We present the Skin-Stroke Display, a system mounted on the lens inside the head-mounted display, which exerts subtle yet recognizable tactile feedback on the eye-ring using a motorized air jet. To inform our design of noticeable air-jet haptic feedback, we conducted a user study to identify absolute detection thresholds. Our results show that the tactile sensation had different sensitivity around the eyes, and we determined a standard intensity (8 mbar) to prevent turbulent airflow blowing into the eyes. In the second study, we asked participants to adjust the intensity around the eye for equal sensation based on standard intensity. Next, we investigated the recognition of point and stroke stimuli with or without inducing cognitive load on eight directions on the eye-ring. Our longStroke stimulus can achieve an accuracy of 82.6% without cognitive load and 80.6% with cognitive load simulated by the Stroop test. Finally, we demonstrate example applications using the skin-stroke display as the off-screen indicator, tactile I/O progress display, and tactile display.
Although state-of-the-art smart speakers can hear a user's speech, unlike a human assistant these devices cannot figure out users' verbal references based on their head location and orientation. Soundr presents a novel interaction technique that leverages the built-in microphone array found in most smart speakers to infer the user's spatial location and head orientation using only their voice. With that extra information, Soundr can figure out users references to objects, people, and locations based on the speakers' gaze, and also provide relative directions. To provide training data for our neural network, we collected 751 minutes of data (50x that of the best prior work) from human speakers leveraging a virtual reality headset to accurately provide head tracking ground truth. Our results achieve an average positional error of 0.31m and an orientation angle accuracy of 34.3° for each voice command. A user study to evaluate user preferences for controlling IoT appliances by talking at them found this new approach to be fast and easy to use.
In an attempt to help users reach their health goals and practitioners understand the relationship between diet and disease, researchers have proposed many wearable systems to automatically monitor food consumption. When a person consumes food, he/she brings the food close to their mouth, take a sip or bite and chew, and then swallow.Most diet monitoring approaches focus on one of these aspects of food intake, but this narrow reliance requires high precision and often fails in noisy and unconstrained situations common in a person's daily life. In this paper, we introduce FitByte, a multi-modal sensing approach on a pair of eyeglasses that tracks all phases of food intake. FitByte contains a set of inertial and optical sensors that allow it to reliably detect food intake events in noisy environments. It also has an on-board camera that opportunistically captures visuals of the food as the user consumes it. We evaluated the system in two studies with decreasing environmental constraints with 23 participants. On average, FitByte achieved 89% F1-score in detecting eating and drinking episodes.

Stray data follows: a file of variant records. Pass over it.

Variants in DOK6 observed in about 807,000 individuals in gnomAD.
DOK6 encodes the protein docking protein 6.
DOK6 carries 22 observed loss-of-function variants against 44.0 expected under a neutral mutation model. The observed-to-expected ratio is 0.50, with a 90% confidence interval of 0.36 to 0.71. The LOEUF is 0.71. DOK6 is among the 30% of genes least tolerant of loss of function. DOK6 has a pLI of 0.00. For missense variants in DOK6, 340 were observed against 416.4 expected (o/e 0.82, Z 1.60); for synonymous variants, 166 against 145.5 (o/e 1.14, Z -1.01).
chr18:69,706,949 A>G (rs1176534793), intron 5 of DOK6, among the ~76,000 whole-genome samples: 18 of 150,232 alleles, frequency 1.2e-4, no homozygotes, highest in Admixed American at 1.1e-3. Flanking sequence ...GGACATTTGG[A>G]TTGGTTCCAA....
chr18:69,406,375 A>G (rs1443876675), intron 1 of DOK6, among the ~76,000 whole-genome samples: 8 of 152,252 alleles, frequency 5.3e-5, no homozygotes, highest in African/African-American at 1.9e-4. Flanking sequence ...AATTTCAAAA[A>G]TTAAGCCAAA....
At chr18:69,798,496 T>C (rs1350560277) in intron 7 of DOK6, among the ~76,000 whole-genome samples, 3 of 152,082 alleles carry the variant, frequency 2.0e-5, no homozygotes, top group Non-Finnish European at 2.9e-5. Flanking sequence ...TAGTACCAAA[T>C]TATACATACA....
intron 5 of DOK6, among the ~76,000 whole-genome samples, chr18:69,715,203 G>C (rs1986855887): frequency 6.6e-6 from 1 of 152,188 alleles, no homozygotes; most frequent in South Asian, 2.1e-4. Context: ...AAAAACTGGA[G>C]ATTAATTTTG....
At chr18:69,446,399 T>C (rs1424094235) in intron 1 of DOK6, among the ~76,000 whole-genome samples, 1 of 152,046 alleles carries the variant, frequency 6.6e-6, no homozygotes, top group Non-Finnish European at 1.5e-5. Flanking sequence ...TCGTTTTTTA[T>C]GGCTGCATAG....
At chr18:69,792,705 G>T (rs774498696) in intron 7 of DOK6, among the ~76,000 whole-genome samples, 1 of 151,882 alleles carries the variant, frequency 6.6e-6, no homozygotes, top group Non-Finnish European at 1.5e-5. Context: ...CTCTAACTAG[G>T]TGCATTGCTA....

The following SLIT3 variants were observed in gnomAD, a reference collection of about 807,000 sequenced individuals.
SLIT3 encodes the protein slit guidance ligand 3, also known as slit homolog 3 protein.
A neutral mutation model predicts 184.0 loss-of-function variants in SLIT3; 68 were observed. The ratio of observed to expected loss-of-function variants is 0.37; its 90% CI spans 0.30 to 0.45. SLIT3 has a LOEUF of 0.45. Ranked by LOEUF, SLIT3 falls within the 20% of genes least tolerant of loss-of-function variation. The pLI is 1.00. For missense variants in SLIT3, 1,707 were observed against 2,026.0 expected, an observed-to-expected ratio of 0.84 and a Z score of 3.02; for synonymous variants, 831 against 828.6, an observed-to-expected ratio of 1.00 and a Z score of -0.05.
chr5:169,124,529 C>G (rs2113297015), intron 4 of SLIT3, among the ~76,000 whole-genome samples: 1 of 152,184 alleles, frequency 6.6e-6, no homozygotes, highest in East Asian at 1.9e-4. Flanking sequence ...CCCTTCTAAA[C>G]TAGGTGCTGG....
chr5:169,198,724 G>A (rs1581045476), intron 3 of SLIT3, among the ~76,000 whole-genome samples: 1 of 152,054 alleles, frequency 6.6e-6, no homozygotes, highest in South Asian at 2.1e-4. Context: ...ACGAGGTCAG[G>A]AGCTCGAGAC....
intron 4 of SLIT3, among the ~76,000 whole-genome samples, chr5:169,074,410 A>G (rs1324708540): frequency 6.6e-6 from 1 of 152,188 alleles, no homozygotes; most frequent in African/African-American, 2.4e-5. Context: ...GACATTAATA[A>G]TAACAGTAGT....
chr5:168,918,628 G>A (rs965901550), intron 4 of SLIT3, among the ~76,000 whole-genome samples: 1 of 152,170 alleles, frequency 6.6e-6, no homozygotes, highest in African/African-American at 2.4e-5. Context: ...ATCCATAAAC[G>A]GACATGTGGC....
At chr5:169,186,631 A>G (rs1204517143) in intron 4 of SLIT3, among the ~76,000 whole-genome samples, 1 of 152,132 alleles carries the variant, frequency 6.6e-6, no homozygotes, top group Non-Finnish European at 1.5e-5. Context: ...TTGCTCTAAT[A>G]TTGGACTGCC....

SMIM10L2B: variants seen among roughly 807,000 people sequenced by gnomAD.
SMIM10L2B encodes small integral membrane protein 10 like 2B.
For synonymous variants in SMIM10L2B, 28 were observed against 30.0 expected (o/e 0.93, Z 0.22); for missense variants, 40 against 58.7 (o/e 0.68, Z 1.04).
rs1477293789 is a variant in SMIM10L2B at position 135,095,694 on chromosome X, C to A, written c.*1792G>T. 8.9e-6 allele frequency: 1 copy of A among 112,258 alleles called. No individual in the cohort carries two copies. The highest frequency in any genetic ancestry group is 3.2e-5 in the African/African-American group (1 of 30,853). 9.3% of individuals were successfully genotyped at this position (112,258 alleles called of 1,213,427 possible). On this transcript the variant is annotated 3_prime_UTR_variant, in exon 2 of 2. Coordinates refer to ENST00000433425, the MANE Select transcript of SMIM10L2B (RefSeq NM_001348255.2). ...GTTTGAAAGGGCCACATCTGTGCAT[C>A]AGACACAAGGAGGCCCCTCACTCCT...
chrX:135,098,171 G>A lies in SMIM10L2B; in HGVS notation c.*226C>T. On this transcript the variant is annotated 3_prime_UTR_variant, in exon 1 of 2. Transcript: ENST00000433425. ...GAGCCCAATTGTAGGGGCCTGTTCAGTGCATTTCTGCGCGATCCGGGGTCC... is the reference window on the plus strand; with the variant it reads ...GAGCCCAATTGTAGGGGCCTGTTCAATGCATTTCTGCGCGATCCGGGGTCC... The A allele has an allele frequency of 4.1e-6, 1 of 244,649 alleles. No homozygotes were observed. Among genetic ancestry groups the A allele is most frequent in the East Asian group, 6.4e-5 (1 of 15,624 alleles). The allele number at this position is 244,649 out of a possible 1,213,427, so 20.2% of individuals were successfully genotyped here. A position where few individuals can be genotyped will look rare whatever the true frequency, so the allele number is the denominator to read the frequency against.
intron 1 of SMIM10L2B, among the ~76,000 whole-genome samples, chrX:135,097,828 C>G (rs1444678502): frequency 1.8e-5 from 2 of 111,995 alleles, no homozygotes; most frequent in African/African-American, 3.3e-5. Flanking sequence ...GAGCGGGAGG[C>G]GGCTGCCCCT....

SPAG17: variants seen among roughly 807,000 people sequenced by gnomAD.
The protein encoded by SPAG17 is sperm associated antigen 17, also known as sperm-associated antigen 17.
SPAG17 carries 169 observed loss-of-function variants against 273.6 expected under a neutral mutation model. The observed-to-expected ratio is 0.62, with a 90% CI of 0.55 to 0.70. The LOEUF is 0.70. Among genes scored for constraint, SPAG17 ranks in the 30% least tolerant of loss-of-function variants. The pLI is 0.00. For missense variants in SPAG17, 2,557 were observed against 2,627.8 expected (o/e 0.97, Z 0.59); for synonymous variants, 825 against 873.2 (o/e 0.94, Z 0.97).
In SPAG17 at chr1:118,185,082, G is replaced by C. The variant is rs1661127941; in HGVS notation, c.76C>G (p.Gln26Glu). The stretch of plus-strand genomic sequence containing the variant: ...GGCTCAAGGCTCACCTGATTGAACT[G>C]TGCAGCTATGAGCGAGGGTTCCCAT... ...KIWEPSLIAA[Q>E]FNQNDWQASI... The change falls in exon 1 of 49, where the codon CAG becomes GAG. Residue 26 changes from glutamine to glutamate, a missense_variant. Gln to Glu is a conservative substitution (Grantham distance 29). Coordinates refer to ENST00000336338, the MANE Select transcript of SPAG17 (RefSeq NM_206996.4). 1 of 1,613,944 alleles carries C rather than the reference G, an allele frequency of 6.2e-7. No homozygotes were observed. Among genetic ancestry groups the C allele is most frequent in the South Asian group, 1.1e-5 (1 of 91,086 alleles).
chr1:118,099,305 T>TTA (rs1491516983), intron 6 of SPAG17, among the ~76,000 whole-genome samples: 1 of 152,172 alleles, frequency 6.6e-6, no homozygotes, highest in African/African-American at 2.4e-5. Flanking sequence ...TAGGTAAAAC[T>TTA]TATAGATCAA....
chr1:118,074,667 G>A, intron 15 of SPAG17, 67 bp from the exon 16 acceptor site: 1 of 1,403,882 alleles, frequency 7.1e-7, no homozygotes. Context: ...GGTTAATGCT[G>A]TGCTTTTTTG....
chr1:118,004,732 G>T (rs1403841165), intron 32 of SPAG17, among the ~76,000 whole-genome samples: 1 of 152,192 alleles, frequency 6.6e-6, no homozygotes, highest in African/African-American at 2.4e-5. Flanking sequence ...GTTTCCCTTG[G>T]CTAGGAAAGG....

In pursuit of a future where HMD devices can be used in tandem with smartphones and other smart devices, we present BISHARE, a design space of cross-device interactions between smartphones and ARHMDs. Our design space is unique in that it is bidirectional in nature, as it examines how both the HMD can be used to enhance smartphone tasks, and how the smartphone can be used to enhance HMD tasks. We then present an interactive prototype that enables cross-device interactions across the proposed design space. A 12-participant user study demonstrates the promise of the design space and provides insights, observations, and guidance for the future.
Navigation systems for runners commonly provide turn-by-turn directions via voice and/or map-based visualizations. While voice directions require permanent attention, map-based guidance requires regular consultation. Both disrupt the running activity. To address this, we designed RunAhead, a navigation system using head scanning to query for navigation feedback, and we explored its suitability for runners in an outdoor experiment. In our design, we provide the runner with simple and intuitive navigation feedback on the path s/he is looking at through three different feedback modes: haptic, music and audio cues. In our experiment, we compare the resulting three versions of RunAhead with a baseline voice-based navigation system. We find that demand and error are equivalent across all four conditions. However, the head scanning based haptic and music conditions are preferred over the baseline and these preferences are impacted by runners' habits. With this study we contribute insights for designing navigation support for runners.